Got toothpaste? Be a part of the Brown-Bagg project
Helps those who cannot buy personal products
Baby diapers, toothpaste, hand soap, shampoo and toilet paper. These simple yet important items are things all families use on a day-to-day basis. But for families in need, those items may be out of reach as they are unable to purchase them with food stamps.
As part of the St. Aloysius and St. Vincent de Paul Community Food Basket Program in Estacada, volunteers Judy Brown and Linda Bagg have organized the Brown-Bagg Project to collect these items to distribute to the nearly 150 families receiving food boxes from the church on the first and third Tuesday of every month. Brown and Bagg have set up a drop-off location at 297 N. Broadway St. in Estacada (look for the blue barrel under the carport) where anyone with extra toilet paper, soap, paper products, feminine products, detergent, cleaning products, and other similar items can drop them off.
According to the duo, this isn't the first time they have set up the project to collect and distribute personal and household items for those in need. It was during a holiday food drive 15 years ago the two started the Brown-Bagg project.
'During the Christmas season, for I don't know how many years, we passed out brown bags with this little notice on it telling people what is needed,' Bagg said. 'I don't know how people can live without toilet paper and hand soap.'
Fast-forward to August 2010: Brown decided to close her successful business and decided she had some more time on her hands to help others in need.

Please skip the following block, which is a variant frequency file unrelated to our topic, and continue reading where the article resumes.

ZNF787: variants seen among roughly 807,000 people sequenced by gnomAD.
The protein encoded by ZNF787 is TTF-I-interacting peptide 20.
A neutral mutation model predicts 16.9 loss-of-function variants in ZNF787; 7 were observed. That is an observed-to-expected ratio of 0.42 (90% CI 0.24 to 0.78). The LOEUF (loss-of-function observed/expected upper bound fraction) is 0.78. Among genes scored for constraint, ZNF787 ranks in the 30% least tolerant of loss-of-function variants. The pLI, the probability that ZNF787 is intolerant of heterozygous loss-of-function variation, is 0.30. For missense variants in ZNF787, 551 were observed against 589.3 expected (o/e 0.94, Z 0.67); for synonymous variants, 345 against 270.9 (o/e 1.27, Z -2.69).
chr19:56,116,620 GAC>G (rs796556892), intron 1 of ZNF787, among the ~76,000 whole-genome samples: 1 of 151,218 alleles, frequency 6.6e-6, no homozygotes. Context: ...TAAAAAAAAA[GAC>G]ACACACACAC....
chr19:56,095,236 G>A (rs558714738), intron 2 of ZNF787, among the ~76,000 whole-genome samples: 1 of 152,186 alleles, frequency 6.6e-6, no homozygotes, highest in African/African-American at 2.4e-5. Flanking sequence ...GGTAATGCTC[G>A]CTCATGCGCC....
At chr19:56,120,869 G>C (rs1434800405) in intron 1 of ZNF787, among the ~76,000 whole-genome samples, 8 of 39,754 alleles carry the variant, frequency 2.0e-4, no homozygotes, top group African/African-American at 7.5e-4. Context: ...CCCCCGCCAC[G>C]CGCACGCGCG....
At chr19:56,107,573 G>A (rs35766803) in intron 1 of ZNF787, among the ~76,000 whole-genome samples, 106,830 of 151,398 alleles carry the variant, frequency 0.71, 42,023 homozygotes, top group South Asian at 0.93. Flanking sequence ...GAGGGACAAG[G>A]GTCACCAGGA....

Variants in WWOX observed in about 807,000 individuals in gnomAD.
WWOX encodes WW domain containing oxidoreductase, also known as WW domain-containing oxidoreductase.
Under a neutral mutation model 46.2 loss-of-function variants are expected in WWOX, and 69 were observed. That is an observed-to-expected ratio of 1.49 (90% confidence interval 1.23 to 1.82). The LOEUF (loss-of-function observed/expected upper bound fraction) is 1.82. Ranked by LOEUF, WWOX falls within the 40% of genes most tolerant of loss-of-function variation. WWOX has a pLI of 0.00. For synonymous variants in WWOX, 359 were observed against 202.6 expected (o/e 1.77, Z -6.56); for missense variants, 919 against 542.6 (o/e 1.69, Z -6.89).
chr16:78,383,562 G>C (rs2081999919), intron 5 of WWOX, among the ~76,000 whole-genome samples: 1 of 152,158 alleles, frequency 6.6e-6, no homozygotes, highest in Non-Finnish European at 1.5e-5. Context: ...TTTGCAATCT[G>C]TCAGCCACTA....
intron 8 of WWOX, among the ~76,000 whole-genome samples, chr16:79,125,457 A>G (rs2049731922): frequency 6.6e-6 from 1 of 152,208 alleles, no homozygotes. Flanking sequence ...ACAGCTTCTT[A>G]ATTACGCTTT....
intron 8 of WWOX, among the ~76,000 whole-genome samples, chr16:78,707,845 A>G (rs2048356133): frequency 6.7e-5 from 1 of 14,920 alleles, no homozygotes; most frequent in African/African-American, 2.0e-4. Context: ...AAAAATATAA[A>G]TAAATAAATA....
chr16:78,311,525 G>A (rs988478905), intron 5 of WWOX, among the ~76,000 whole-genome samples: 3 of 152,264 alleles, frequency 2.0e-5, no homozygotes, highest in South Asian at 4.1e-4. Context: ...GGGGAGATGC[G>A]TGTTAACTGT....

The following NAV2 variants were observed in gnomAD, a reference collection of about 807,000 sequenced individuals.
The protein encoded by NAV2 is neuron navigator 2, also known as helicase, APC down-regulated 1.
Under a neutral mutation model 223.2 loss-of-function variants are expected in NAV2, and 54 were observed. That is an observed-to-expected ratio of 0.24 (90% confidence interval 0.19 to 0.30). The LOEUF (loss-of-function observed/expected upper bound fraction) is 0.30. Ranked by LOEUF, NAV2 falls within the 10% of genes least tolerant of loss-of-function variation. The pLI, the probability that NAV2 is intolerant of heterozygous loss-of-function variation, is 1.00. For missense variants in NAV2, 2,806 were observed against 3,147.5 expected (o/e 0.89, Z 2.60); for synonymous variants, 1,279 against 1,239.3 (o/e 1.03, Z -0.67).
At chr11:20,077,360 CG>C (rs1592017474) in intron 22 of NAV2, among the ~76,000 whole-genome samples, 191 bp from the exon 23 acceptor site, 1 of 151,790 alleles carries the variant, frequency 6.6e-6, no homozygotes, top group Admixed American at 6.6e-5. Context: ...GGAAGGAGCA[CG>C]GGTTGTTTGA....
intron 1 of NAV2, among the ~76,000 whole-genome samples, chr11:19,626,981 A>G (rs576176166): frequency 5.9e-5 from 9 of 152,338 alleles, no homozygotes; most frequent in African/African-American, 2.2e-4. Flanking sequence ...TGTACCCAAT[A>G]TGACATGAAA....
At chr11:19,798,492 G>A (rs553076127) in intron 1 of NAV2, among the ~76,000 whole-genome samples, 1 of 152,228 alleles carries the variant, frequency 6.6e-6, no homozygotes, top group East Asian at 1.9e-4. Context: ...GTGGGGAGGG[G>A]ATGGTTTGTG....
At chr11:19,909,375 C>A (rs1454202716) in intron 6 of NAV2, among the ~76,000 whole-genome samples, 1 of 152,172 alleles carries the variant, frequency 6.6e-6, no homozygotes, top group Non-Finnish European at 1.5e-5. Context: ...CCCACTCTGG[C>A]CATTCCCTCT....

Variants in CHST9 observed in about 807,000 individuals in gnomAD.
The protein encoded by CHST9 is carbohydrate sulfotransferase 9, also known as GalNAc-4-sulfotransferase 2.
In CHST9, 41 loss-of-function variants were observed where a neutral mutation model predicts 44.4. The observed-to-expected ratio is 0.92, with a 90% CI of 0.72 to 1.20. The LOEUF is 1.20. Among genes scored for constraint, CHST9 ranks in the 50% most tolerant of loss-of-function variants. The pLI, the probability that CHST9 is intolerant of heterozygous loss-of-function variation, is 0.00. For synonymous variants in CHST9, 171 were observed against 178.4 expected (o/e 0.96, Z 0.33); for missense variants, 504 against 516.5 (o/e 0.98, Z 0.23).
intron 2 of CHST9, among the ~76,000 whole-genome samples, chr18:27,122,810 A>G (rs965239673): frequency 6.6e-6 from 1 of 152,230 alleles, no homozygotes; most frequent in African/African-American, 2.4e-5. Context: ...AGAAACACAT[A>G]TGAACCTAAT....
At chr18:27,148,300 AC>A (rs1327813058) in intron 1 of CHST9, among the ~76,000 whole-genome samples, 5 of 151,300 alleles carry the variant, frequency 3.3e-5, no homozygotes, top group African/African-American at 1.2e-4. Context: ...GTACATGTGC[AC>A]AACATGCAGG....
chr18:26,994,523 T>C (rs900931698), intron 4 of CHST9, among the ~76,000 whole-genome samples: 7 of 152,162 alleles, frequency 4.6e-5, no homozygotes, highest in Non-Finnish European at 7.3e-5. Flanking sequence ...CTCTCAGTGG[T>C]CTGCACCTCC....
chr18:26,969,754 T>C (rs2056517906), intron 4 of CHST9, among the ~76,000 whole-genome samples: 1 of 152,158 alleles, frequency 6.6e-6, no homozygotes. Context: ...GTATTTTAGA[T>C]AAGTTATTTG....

'I called Linda and asked her if she wanted to revive the Brown-Bagg project,' Brown said. 'We both decided it had such a positive influence on people's lives, so we got it together. Now technology is even better, and we are emailing this form and passing these (fliers) out to get the word out. It can be such a small thing for people going to the store to pick up an extra roll of paper towels.'
'People who travel a lot and receive all those little hotel shampoos, hand creams and bars of soap can drop all of them off in the blue barrel,' Bagg said, adding that she had heard of an epidemic of diaper rash going around lately because families are forced to reuse diapers. 'I told a friend about the diapers and she already told us to go and purchase $250 worth of diapers. We have already had some very generous donations. This is such a caring community.'
The two both wanted to send out a special thank-you to Thriftway store director Mike Schuh for all his help in providing brown bags for the project.
For more information on the Brown-Bagg project, call 503-318-5932 or 503-709-1406. Canned food items are also welcomed and appreciated as well.